W3C home > Mailing lists > Public > public-html@w3.org > August 2007

Review of 3.14.11. The canvas element

From: Mihai Sucan <mihai.sucan@gmail.com>
Date: Tue, 21 Aug 2007 19:08:26 +0300
To: public-html <public-html@w3.org>
Message-ID: <op.txe24cl2mcpsjgr0b0dp@athlon>

Hello!

I have reviewed 3.14.11. "The canvas element" section of the HTML 5  
specification [1], and I have the following suggestions and comments to  
make:


1. "Whenever the width and height attributes are set (whether to a new  
value or to the previous value), the bitmap and any associated contexts  
must be cleared back to their initial state and reinitialised with the  
newly specified coordinate space dimensions."

Why must the canvas image be cleared when the width/height changes?

Things as resizing the canvas are made harder, when one wants to keep the  
image.

Changing the width/height should be defined such that setting a higher  
value only adds transparent black pixels. For lower values, the image is  
truncated.

Applications like games and painting tools would benefit from not clearing  
the image when changing the canvas size. Games would only need to draw in  
the "new pixels". As defined, such applications would have to completely  
redraw the image on the canvas, making things slower.



2. There's a typo after the first code example (the one which shows how  
changing the width/height of the canvas clears the image):

"This specification only defines one context, with the name "2d". If  
getContext() is called with that exact string for *tis* contextId  
argument, then the UA must return a reference to an object implementing  
CanvasRenderingContext2D. Other specifications may define their own  
contexts, which would return different objects."

Correction: tis = this.



3. The getContext() method should be defined such that any number of  
additional arguments are allowed, just like toDataURL() is defined. This  
is forward thinking about initializing various contexts with any settings.

For example, implementations may allow for initializing a 3d context with  
software rendering, or hardware rendering, as needed by the application.

This could, theoretically, be dealt with by having additional  
methods/properties on the returned context. For example:  
getContext("3d").renderMode = 'sw'|'hw'. However, technically, I think an  
implementation would need to initialize the rendering with the given  
renderer. Today's games cannot change the renderer while running, only  
after restart. Therefore, maybe there's a need for getContext() allowing  
any number of arguments.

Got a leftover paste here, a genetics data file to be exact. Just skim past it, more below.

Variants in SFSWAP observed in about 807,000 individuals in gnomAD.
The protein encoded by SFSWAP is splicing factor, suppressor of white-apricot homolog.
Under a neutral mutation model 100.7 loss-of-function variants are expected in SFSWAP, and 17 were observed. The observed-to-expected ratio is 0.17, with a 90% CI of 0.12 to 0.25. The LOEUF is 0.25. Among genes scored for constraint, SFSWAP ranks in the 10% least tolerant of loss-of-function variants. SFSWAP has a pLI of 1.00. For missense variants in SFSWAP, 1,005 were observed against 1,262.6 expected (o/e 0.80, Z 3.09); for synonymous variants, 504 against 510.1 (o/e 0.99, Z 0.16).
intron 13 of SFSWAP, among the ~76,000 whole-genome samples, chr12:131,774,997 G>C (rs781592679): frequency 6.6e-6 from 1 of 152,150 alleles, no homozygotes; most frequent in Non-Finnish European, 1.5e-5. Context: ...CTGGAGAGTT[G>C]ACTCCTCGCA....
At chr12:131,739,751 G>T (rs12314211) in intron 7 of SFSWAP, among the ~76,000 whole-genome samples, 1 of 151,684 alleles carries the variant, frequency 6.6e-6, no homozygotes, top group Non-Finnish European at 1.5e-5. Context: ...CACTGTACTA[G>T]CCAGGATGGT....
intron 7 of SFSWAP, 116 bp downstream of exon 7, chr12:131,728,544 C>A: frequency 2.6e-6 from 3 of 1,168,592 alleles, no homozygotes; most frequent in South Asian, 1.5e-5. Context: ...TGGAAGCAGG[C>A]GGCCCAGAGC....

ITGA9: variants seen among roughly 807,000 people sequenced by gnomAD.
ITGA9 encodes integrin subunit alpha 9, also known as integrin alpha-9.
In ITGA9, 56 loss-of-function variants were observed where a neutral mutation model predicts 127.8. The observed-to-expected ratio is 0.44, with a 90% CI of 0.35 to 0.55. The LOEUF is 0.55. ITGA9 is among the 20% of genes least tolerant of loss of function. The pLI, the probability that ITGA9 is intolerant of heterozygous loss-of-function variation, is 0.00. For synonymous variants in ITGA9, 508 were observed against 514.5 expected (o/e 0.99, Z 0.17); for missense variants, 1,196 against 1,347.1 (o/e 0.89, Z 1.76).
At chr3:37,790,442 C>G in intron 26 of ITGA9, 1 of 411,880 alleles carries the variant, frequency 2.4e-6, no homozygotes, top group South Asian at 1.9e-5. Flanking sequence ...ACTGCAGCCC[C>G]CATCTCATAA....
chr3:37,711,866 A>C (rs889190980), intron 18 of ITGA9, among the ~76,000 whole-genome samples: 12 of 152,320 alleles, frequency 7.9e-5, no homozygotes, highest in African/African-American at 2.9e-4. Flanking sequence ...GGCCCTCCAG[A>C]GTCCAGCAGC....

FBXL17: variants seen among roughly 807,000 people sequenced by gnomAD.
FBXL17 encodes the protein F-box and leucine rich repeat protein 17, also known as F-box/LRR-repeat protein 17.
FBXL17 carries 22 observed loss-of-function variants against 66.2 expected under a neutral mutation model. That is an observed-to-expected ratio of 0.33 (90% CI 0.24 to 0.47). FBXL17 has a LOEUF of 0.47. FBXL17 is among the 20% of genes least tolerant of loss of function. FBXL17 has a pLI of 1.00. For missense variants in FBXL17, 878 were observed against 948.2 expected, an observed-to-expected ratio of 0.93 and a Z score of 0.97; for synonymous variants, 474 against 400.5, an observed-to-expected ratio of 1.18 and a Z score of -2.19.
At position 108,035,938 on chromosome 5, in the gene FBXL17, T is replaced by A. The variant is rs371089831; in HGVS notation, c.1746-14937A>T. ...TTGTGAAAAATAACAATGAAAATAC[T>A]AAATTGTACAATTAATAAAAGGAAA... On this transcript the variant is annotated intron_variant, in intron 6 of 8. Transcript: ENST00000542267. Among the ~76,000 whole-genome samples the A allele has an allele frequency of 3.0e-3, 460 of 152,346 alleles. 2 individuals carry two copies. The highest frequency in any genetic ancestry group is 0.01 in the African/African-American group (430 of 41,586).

4. In the 3.14.11.1.10. "Pixel manipulation" section [2] one can read:

"The data returned by getImageData() is at the resolution of the canvas  
backing store, which is likely to not be one device pixel to each CSS  
pixel if the display used is a high resolution display. Thus, while one  
could create an ImageData object, one would *net* necessarily know what  
resolution the canvas expected (how many pixels the canvas wants to paint  
over one coordinate space unit pixel)."

This is the first paragraph found in the provded example.

Correction: one would need to know what...



5. Drawing states should be saveable with IDs, and for easier restoring.

save(id)
restore(id)

If id is not provided, then save() works as defined now. The same for  
restore().

Currently, it's not trivial to save and restore a specific state.



6. I do not "like" the save/restore() method names.

It's ambiguous what they do. I initially believed they do what's suggested  
in the next point.

I would suggest renaming the methods to: saveState() and restoreState().

I don't believe it can be argued that such changes break (too many)  
applications. Today's applications using canvas are experiments. The  
entire spec is subject to change, and as such nobody should complain.



7. On the basis of save()/restore() state, I think it would be a good idea  
(performance-wise, for various applications), to be able to do something  
like this:

saveImage(id)
restoreImage(id)

This wold allow caching images drawn by the application, in the memory  
provided by the UA. Currently, one could use a data URI, or an ImageData  
object, but such solutions are far from ideal since they are not as fast  
as native UA methods, plus they use more memory than a native  
implementation.

The saveImage and restoreImage methods could also allow four optional  
arguments: x, y, w and h. Obviously, these define where to start from and  
where to end saving/restoring the image.



8. I would add my "two cents" about providing a way to render text, but  
this has already been over-discussed. Yes, something that would be needed.



9. I would propose something different, a different idea. Why not define  
an optional method for the 2d context, which allows authors to say  
something like importNodeRender()? Here's the "funky" idea:

importNodeRender(node)

... where node is any DOM node, e.g. document.getElementById('whatever').  
The way "captures" the rendered image of that element, irrespective what  
it is (maybe it's SVG, Flash, simple HTML+CSS, whatever).

importDocument(x, y, w, h)

This method could allow the author to capture a part of the rendered  
document page. x and y positions are taken from the entire document, not  
just the visible page, in the current window size.

This capability would allow authors to "hack" a way to render text in the  
canvas view. Of course, this would allow much more than that.

Would this be overly complex? Popular UAs already have ways to generate  
page thumbs.




[1]  
http://www.whatwg.org/specs/web-apps/current-work/multipage/section-the-canvas.html#the-canvas
[2]  
http://www.whatwg.org/specs/web-apps/current-work/multipage/section-the-canvas.html#pixel



-- 
http://www.robodesign.ro
Received on Tuesday, 21 August 2007 16:08:51 UTC

This archive was generated by hypermail 2.3.1 : Monday, 29 September 2014 09:38:48 UTC